Endometriosis can appear as follows:

  • Black lesions
  • White fibrotic lesions
  • Nodular type lesions
  • A-typical subtle lesions, such as small pockets in the peritoneum (lining of the abdominal cavity), small changes in blood vessels etc.

An expert eye is required to identify and treat the endometriosis, which is why it’s so important to seek assistance from an Endometriosis Specialist.

Image result for endometriosis image

via JuJu

Can Endometriosis be treated with medication alone?

The cornerstone of medical treatment for endometriosis is hormonal suppression. It is a very effective form of treatment, but during this treatment pregnancy is not an option. If a woman wants to become pregnant, it is advised that the endometriosis is removed through surgery, to increase the chances of spontaneous pregnancy. Endometriosis plays a big role in fertility and therefore it’s important that women with endometriosis, who are planning for a future pregnancy, seeks advice from a Fertility Specialist.

If endometriosis is removed through surgery – how many surgeries are needed?

Firstly, surgery for endometriosis is usually performed through laparoscopy. Therefore, instead of using a large abdominal incision, the surgeon inserts a lighted viewing instrument called a laparoscope through a small incision.  This allows for enhanced vision of the pelvic cavity and improved surgery outcome.

Prior to surgery, examinations are performed as extensively as possible. Examinations could include ultra-sound imaging and scans to determine the extent of the endometriosis. In-depth surgical planning is then performed, with the needed experts. For instance, if the colon is affected, a colorectal surgeon will form part of the surgical team. Through a team effort, surgery is performed as conservatively as possible. Endometriosis is not treated as if it’s cancer. Instead the surgeons only remove what is necessary, to decrease the risk of damage to organs, while at the same time relieving symptoms. Therefore, it’s possible for traces of endometriosis to remain after surgery.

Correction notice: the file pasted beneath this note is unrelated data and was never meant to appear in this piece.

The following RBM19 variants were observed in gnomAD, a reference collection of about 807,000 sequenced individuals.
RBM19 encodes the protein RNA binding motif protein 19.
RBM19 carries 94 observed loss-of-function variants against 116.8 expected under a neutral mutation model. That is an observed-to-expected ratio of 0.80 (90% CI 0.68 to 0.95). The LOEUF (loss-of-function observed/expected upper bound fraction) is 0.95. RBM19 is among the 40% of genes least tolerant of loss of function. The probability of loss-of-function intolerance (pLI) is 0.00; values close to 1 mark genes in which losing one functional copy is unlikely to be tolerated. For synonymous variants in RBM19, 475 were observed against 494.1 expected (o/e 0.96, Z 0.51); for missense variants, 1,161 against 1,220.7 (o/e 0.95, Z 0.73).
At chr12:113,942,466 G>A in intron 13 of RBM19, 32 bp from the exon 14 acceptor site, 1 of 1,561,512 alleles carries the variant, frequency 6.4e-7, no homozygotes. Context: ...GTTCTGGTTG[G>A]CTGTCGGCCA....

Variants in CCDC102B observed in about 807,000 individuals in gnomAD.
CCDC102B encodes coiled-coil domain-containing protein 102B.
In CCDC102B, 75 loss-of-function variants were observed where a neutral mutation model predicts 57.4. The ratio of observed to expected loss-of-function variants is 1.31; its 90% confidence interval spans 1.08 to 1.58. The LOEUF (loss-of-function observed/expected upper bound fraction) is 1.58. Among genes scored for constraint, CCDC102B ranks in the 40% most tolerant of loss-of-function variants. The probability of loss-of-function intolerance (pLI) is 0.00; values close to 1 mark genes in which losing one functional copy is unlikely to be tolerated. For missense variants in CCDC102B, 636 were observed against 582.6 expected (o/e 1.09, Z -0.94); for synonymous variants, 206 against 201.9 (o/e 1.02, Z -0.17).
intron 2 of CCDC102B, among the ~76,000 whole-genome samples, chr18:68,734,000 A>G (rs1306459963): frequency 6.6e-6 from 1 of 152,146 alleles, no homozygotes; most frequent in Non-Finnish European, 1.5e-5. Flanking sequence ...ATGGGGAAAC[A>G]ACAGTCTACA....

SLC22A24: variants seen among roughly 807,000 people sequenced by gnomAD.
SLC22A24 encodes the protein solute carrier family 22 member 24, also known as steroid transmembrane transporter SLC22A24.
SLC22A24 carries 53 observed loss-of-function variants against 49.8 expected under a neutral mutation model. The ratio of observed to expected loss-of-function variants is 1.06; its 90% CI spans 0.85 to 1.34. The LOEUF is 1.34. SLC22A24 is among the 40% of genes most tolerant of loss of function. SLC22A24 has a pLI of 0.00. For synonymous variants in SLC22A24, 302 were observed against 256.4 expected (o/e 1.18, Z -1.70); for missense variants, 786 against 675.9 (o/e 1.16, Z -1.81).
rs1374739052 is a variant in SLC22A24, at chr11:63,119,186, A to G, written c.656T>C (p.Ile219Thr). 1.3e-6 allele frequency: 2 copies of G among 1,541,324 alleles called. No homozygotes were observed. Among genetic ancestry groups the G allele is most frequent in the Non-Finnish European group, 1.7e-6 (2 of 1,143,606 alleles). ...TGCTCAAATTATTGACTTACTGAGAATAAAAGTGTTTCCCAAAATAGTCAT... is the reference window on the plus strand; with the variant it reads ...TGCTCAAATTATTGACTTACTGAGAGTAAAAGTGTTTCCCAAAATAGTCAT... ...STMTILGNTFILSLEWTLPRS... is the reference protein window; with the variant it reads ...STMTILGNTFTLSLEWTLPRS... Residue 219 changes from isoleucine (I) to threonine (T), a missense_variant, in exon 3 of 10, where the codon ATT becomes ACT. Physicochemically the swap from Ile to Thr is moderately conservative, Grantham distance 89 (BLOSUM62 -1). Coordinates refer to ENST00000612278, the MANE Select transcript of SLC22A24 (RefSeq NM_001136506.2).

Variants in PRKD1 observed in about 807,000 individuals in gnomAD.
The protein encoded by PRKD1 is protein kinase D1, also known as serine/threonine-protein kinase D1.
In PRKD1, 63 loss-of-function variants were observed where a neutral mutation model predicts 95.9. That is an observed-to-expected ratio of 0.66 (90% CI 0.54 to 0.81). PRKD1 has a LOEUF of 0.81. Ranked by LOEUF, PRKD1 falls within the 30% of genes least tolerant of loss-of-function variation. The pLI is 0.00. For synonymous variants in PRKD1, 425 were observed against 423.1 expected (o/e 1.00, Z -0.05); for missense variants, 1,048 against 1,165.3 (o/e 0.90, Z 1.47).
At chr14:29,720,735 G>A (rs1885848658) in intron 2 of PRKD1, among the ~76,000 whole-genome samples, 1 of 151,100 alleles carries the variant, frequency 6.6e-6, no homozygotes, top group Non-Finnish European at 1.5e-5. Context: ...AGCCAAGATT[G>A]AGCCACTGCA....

Endometriosis is a chronic condition, which cannot be completely cured by medical treatment or surgery. Therefore, treating the condition often requires a combination of both surgery and medical treatment. Endometriosis needs to be addressed holistically by a team of Infertility Specialists, Endometriosis Specialists and Colorectal Surgeons. Furthermore, the team needs to consider the patient’s age, family planning and effects of the disease. Through this approach, the amount of surgeries required are decreased, as a result of better planning of the surgery and the timing thereof. Surgery can be followed up with hormonal suppression and fertility treatment if needed.

What percentage of women with endometriosis can fall pregnant after surgery?

This is difficult to answer as fertility is a complex topic. One needs to consider age, Fallopian tube factors and male fertility factors. If there are no other contributing factors, chances of spontaneous pregnancy after surgery for endometriosis, is approximately 50%.

Key message

Endometriosis is a chronic condition, which can influence quality of life, as well as fertility. It is therefore important to seek advice from an Endometriosis Specialist, who can correctly diagnose the extent of the endometriosis and the potential effects thereof. Unnecessary surgery needs to be prevented. Furthermore, the patient’s treatment plan needs to include the correct short-term and long-term treatment to improve quality of life and preserve fertility (if desired).